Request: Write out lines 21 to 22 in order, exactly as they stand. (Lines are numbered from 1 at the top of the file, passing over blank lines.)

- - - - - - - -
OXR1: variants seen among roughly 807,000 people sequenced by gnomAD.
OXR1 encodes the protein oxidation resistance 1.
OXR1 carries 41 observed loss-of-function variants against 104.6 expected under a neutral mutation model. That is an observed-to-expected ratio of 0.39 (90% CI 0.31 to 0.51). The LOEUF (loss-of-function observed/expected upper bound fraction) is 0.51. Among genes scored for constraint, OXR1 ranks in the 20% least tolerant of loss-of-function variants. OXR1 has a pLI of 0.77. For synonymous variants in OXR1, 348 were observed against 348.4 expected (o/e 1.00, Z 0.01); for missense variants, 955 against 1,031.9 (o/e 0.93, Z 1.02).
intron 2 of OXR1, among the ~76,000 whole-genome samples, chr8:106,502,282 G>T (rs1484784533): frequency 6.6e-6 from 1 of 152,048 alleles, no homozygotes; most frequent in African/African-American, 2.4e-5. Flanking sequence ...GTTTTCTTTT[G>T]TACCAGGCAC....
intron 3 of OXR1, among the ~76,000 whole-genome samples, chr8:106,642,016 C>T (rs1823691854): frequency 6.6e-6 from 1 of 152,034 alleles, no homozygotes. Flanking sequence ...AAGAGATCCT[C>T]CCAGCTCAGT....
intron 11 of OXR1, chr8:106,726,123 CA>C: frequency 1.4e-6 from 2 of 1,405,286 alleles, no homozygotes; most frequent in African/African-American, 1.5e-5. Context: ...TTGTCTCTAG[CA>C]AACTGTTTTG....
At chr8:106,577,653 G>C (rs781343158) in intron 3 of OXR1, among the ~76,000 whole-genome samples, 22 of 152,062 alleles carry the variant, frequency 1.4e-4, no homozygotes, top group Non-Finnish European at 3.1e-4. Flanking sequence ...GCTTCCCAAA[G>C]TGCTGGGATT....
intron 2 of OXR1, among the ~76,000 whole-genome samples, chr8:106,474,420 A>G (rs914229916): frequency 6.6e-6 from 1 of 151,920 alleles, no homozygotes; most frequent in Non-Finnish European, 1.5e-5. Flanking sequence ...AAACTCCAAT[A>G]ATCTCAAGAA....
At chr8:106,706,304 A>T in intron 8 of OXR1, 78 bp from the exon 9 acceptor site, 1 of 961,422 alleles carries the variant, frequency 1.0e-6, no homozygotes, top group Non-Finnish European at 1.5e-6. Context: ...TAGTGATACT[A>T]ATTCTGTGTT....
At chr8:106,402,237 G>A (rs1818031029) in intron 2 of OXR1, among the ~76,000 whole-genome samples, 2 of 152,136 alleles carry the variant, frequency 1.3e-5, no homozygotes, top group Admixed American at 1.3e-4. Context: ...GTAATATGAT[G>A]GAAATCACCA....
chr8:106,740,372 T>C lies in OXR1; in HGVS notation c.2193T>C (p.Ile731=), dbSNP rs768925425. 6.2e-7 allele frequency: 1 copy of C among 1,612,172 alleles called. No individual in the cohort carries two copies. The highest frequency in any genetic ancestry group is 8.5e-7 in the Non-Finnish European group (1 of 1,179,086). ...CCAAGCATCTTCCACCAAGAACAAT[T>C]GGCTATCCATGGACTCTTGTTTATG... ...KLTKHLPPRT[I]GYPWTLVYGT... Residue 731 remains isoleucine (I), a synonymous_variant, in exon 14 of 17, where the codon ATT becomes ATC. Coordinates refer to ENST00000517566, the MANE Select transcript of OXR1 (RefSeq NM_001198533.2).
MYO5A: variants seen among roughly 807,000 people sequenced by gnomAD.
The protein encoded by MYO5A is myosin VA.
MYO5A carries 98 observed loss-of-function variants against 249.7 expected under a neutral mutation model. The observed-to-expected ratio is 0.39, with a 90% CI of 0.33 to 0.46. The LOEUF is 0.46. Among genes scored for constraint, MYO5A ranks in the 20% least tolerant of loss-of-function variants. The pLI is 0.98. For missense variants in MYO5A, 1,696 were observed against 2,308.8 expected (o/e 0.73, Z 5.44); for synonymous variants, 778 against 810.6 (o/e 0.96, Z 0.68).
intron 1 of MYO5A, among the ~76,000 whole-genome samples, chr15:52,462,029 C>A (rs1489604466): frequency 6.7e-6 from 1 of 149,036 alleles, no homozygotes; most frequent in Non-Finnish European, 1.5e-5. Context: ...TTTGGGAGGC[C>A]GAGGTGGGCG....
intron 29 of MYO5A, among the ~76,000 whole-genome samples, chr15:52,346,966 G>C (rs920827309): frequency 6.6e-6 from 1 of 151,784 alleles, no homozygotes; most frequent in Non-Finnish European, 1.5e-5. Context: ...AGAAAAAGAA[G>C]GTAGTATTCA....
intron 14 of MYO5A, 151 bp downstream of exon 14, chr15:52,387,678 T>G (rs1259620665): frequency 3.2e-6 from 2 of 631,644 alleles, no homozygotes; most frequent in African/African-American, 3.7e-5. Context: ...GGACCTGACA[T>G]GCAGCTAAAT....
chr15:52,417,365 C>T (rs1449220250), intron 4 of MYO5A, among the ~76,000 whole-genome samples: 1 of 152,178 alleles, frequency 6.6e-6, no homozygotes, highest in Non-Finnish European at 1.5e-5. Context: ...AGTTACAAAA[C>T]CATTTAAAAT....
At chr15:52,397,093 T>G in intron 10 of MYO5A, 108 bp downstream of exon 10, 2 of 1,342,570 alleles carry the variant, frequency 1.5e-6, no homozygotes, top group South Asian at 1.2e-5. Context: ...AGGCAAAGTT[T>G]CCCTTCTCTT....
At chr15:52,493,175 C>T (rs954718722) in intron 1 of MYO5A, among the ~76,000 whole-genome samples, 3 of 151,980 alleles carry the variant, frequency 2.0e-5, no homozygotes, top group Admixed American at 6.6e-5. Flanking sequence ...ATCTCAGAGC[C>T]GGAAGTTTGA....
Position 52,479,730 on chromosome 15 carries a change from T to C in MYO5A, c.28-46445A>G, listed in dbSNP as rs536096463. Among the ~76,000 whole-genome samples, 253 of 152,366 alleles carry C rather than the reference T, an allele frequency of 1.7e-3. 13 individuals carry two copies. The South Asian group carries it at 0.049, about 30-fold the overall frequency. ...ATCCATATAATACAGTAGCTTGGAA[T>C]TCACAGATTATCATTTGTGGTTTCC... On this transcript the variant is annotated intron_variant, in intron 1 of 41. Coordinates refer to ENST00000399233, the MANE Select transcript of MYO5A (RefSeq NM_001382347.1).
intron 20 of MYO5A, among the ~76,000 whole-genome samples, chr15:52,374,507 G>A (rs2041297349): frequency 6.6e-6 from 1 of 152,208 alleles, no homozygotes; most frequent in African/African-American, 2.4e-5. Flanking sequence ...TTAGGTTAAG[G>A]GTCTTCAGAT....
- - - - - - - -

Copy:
Position 52,479,730 on chromosome 15 carries a change from T to C in MYO5A, c.28-46445A>G, listed in dbSNP as rs536096463. Among the ~76,000 whole-genome samples, 253 of 152,366 alleles carry C rather than the reference T, an allele frequency of 1.7e-3. 13 individuals carry two copies. The South Asian group carries it at 0.049, about 30-fold the overall frequency. ...ATCCATATAATACAGTAGCTTGGAA[T>C]TCACAGATTATCATTTGTGGTTTCC... On this transcript the variant is annotated intron_variant, in intron 1 of 41. Coordinates refer to ENST00000399233, the MANE Select transcript of MYO5A (RefSeq NM_001382347.1).
intron 20 of MYO5A, among the ~76,000 whole-genome samples, chr15:52,374,507 G>A (rs2041297349): frequency 6.6e-6 from 1 of 152,208 alleles, no homozygotes; most frequent in African/African-American, 2.4e-5. Flanking sequence ...TTAGGTTAAG[G>A]GTCTTCAGAT....